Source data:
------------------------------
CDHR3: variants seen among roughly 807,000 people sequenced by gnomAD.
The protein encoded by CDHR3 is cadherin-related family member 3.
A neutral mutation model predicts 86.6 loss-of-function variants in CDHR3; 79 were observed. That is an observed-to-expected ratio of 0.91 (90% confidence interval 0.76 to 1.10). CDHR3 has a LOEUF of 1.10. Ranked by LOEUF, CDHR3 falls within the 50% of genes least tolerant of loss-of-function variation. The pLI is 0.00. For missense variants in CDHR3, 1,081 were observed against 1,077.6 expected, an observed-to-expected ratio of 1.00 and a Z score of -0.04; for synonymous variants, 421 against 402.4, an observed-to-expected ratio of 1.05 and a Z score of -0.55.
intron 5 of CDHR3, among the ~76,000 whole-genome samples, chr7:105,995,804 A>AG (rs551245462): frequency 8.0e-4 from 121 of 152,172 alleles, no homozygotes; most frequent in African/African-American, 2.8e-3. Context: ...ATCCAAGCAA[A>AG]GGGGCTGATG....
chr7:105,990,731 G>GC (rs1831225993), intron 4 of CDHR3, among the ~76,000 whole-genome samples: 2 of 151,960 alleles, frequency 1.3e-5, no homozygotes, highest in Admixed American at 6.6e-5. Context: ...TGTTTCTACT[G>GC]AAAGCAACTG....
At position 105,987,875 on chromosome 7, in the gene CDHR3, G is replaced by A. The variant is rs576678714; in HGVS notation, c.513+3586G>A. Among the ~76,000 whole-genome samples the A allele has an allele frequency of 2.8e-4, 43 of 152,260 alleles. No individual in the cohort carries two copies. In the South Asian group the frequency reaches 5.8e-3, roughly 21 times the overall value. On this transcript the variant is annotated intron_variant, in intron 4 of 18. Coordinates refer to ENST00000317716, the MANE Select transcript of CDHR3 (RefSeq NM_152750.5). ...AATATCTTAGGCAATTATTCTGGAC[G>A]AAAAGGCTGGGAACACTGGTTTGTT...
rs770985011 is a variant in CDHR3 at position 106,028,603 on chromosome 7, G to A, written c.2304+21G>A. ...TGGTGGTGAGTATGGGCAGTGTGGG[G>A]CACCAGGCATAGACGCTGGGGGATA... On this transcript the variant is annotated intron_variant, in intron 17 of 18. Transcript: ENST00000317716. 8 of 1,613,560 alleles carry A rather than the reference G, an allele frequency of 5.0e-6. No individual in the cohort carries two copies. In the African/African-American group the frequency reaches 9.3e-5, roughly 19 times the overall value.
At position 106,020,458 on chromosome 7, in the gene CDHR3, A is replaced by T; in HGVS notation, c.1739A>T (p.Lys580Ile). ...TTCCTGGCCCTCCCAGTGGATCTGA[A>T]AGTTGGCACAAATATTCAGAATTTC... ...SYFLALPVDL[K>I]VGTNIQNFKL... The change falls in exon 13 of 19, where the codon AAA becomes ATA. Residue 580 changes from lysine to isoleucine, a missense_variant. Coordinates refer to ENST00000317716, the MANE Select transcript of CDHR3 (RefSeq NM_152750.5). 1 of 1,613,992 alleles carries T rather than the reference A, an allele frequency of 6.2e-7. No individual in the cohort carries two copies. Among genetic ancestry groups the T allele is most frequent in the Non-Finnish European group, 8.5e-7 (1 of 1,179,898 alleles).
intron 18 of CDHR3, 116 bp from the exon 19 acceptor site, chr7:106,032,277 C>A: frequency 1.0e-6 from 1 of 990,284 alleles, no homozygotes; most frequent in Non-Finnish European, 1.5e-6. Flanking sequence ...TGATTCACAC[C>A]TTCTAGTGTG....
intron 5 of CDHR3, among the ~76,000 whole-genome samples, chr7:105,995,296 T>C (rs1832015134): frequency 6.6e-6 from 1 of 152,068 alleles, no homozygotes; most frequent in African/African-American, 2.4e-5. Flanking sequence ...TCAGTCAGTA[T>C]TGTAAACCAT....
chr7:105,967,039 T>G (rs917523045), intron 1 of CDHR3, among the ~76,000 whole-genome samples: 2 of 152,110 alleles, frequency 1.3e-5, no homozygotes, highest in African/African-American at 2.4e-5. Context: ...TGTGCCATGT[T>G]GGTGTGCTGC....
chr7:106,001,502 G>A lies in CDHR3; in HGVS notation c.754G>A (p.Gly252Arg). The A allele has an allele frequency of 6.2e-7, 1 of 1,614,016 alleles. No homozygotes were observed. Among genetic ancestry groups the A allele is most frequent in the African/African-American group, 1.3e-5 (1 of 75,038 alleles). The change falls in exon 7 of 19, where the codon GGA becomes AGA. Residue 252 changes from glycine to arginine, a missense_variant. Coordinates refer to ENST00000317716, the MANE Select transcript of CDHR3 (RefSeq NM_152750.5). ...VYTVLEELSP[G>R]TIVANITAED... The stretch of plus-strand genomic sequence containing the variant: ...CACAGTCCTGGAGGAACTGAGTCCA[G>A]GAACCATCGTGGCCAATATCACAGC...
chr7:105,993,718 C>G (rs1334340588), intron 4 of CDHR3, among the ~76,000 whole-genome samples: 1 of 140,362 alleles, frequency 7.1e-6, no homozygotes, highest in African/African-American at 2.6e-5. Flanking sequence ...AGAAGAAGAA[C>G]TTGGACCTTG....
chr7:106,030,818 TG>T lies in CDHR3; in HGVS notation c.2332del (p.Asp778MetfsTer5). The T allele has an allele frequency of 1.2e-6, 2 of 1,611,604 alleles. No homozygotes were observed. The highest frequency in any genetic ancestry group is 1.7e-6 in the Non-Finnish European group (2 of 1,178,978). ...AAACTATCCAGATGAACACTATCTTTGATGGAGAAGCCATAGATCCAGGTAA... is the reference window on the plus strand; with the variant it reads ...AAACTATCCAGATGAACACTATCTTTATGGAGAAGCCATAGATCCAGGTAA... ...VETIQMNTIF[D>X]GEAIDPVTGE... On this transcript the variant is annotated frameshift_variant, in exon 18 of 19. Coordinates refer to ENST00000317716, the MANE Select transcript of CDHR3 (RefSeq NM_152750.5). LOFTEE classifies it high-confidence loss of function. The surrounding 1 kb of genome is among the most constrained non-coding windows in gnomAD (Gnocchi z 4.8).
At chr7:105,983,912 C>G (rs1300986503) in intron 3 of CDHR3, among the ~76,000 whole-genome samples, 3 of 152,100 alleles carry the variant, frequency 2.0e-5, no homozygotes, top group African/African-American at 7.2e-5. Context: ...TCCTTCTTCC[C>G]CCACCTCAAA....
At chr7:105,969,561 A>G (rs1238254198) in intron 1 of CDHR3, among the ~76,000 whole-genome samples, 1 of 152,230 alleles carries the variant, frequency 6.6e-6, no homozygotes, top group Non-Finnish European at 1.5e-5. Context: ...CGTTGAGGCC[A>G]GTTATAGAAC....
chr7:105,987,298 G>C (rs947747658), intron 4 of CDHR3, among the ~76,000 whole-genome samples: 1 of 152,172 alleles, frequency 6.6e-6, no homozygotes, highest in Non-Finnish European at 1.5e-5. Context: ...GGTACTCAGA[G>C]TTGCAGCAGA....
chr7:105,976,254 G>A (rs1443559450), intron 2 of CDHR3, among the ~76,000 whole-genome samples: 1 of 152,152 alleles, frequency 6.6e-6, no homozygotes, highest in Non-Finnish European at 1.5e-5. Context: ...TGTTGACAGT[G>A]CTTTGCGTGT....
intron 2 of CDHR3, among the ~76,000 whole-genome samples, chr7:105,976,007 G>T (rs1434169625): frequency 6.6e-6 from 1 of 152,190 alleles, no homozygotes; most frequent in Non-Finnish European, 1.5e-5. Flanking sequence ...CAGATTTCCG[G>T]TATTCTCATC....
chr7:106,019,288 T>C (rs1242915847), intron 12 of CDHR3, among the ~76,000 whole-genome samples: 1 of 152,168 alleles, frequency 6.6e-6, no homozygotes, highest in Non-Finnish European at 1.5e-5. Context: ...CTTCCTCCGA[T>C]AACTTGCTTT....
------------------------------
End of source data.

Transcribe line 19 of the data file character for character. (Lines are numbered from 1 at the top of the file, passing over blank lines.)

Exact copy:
intron 2 of CDHR3, among the ~76,000 whole-genome samples, chr7:105,976,007 G>T (rs1434169625): frequency 6.6e-6 from 1 of 152,190 alleles, no homozygotes; most frequent in Non-Finnish European, 1.5e-5. Flanking sequence ...CAGATTTCCG[G>T]TATTCTCATC....